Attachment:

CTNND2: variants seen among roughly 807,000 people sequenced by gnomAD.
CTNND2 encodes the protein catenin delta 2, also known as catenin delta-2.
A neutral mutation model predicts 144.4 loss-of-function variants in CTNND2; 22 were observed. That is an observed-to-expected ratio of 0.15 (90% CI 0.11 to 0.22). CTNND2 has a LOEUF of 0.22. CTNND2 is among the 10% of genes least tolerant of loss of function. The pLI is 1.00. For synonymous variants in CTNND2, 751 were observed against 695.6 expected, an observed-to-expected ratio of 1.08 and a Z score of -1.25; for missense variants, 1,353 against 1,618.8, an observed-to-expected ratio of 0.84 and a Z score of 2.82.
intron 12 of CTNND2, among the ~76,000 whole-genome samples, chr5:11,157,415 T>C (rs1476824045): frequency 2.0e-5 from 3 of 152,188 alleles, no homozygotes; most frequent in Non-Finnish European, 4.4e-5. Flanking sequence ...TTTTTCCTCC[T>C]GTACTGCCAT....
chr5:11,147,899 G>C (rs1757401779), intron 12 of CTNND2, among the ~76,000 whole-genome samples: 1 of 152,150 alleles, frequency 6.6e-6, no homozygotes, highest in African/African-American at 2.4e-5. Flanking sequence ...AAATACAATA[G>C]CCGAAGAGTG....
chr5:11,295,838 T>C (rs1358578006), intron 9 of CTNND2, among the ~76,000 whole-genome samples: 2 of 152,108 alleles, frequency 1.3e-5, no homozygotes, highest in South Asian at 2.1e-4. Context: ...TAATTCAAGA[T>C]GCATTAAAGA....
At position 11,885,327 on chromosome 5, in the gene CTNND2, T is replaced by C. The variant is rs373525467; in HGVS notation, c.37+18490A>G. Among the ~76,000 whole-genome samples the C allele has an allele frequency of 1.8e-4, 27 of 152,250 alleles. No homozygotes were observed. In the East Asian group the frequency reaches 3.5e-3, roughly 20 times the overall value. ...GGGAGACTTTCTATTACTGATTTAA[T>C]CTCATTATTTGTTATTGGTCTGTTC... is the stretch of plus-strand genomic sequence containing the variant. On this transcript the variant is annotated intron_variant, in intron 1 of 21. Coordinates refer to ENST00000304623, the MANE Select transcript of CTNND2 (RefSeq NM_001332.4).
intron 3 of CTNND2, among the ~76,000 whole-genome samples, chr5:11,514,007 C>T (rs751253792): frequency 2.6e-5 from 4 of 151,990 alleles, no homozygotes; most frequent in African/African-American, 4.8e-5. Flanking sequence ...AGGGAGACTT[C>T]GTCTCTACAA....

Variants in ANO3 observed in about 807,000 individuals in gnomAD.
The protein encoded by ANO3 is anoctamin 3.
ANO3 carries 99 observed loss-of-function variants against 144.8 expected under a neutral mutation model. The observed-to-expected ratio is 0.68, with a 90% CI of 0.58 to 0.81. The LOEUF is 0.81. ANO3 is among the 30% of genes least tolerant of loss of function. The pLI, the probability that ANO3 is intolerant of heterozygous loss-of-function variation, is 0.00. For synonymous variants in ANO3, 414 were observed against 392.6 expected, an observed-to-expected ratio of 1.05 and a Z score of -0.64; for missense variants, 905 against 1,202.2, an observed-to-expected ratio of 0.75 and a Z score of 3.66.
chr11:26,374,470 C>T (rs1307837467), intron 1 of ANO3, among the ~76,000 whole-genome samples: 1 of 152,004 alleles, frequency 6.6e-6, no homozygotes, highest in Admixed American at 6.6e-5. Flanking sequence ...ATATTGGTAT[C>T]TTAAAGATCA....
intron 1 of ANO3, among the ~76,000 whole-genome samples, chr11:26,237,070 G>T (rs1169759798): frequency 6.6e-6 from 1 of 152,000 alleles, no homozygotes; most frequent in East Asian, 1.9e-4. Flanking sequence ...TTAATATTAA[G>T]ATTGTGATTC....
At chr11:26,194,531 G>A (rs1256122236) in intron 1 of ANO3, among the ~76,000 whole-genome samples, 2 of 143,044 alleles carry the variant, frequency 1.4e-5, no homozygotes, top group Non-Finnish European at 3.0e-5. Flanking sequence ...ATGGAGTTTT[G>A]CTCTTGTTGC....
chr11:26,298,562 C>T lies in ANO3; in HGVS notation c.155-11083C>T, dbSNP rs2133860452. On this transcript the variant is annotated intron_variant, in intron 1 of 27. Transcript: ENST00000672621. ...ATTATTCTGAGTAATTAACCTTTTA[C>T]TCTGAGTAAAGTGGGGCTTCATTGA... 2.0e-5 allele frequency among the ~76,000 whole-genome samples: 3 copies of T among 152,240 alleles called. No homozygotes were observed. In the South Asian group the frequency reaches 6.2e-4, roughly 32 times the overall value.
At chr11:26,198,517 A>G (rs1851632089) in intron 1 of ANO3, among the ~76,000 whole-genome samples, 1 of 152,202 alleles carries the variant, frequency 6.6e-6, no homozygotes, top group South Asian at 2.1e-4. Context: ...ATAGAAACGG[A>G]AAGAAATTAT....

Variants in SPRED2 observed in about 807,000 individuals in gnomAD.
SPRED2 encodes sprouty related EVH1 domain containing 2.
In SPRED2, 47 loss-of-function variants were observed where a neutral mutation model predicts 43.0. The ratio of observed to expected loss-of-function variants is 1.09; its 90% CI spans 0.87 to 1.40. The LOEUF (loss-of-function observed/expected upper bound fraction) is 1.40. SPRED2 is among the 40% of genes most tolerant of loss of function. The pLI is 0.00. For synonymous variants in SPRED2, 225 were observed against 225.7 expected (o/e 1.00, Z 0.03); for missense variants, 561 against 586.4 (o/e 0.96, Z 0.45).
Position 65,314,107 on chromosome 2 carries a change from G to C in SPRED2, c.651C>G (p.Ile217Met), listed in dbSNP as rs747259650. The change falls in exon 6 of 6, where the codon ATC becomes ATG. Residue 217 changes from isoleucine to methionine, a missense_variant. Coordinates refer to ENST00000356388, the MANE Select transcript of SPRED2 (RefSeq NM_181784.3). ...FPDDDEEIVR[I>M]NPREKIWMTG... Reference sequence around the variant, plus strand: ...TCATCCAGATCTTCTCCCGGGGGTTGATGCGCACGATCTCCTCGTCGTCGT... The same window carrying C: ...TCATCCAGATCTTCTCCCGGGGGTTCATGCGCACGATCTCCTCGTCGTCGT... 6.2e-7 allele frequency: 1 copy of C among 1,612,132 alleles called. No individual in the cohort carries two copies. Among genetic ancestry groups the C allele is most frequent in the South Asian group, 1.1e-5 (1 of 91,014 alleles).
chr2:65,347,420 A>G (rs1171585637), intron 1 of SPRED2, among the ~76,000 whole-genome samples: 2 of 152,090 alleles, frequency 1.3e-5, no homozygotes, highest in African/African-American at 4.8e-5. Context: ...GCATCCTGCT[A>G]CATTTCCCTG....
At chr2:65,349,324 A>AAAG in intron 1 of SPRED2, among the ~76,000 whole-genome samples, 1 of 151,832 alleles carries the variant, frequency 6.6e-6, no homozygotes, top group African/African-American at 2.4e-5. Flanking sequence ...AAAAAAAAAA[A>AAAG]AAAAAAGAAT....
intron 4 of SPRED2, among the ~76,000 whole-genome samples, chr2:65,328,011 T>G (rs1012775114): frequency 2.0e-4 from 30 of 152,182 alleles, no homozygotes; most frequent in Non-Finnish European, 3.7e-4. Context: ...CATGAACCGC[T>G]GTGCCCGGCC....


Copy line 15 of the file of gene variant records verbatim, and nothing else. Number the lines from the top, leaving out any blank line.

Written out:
chr11:26,298,562 C>T lies in ANO3; in HGVS notation c.155-11083C>T, dbSNP rs2133860452. On this transcript the variant is annotated intron_variant, in intron 1 of 27. Transcript: ENST00000672621. ...ATTATTCTGAGTAATTAACCTTTTA[C>T]TCTGAGTAAAGTGGGGCTTCATTGA... 2.0e-5 allele frequency among the ~76,000 whole-genome samples: 3 copies of T among 152,240 alleles called. No homozygotes were observed. In the South Asian group the frequency reaches 6.2e-4, roughly 32 times the overall value.